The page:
Mark Tanner
10 July 2013 0 Comments

Here are this week’s news and highlights for China:

Chinese food and beverage Food and Beverage

Dairy Measures Start At Source: New Chinese Government measures will require companies producing baby formula to own their farms. This will ensure greater supervision of the process and safety, and restore consumer confidence.  It won’t be easy. The number of farms with more than 100 cows in China has increased to 35%, almost double the 19.5% in 2008.

How Nestlé Finds Clean Milk in China: Nestle hopes to ensure the safety of it’s local milk supply with their “factory and farmers” model, which cuts out the middle man. Farmers bring milk to a network of Nestle owned collection centres, all within an hour of the farm, where a computerized system samples, tests, and tags each batch of milk. Farmers will also be provided constant training and help choosing cows, feed quality, storage, and other relevant aspects.

Foreign Milk Formula in China: A Passport to Safety?: The Chinese Dairy Association has reported that Chinese milk formula brands have twice the nutritional value of foreign brands – what impact will that have on the 70% of Chinese consumers who said they wouldn’t buy milk powder produced in China?

China Investigates Danone, Mead Johnson on Milk Powder Pricing: In what may help the perception of local dairy, NDRC’s Price Monitoring & Anti-Monopoly unit are investigating Danone, Mead Johnson, Nestle’s Wyeth, ABT, Royal FrieslandCampina NV and local firm Biostime. The companies have apparently sold milk powder at higher prices in China, with price-points as much as double of local suppliers, and increasing by 30% since 2008.  30% in five years?  The price of lunch around our office has increased by almost 30% in the past 6-months? Nevertheless, Nestle, Danone and some other producers have slashed their prices by as much as 20% since the probe.

Dirty Ingredients Prompt More Chinese To Opt For Clean Labels: Chinese consumers are increasingly looking at labels on the back of F&B products and buying products with recognisable ingredients. Research in Tier 1 cities indicates 85% of consumers check the labelling before buying and 86% desire lists than are easier to read and understand. 70% are more willing to buy products with a cleaner ingredients list.

China Animal Activists Rescue Hundreds Of Dogs Before Dog Meat Festival: 400 dogs have been saved from an estimated 10,000+ dogs to be eaten with lychees at the annual Yulin Dog Meat Festival.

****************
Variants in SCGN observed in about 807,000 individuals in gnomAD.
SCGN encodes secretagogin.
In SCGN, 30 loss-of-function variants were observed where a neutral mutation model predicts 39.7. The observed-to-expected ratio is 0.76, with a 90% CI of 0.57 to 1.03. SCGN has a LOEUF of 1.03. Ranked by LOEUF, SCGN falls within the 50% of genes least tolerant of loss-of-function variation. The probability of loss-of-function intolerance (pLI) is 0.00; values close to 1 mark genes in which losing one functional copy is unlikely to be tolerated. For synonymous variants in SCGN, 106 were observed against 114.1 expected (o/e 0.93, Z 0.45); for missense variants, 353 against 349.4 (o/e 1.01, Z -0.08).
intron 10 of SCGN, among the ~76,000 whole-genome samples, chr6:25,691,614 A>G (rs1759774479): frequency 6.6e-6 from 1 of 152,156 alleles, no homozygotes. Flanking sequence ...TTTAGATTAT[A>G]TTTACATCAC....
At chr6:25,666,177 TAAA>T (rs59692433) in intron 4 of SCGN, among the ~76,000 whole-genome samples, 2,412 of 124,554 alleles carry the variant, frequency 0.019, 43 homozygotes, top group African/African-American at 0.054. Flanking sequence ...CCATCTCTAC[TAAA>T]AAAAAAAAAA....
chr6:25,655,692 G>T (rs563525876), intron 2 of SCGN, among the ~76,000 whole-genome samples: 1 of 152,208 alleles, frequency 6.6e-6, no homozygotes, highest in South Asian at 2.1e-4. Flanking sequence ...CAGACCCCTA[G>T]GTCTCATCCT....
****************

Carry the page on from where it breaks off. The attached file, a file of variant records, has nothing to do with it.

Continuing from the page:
China’s Growing Vegetarian Community Now Larger Than In U.S: 50 million Chinese are now thought to be vegetarian – more than the USA. Buddhism, environment impacts, and a lack of trust in meat (bird flu chicken, floating pigs, toxic fish, beef/lamb=rat) are contributing to the trend.

Chinese consumers Chinese Consumers

The ‘China Price’ Is Not Right: With foreign brands generally 30%-80% more expensive in Mainland China, savvy consumers are purchasing more and more overseas through travel, networks living overseas and shopping agents. To understand the Chinese market, brands should look outside just those purchasing in China and find ways to influence international shopping as well.

Winning The Battle For China’s New Middle Class: McKinsey’s take on creating products that appeal to both China’s mass market and the soon-to-be-majority upper-middle class: businesses need: (1) Aspirational brands; (2) Dual strategies; (3) Well-timed transition; and (4) State of the art marketing.

A Tenth Of Each Day Spent Watching Television: The average Chinese consumer is watching 2:38 of television a day, up 6 minutes from 2008 and the first rise in four years. In 2011, 44% surfed the net while watching TV. Consumers in Shanghai, more likely to have a TV, watch 5:12 a day. The average across the US was 5:17 a day in 2010.

Chinese Internet Internet, Mobile & Social Media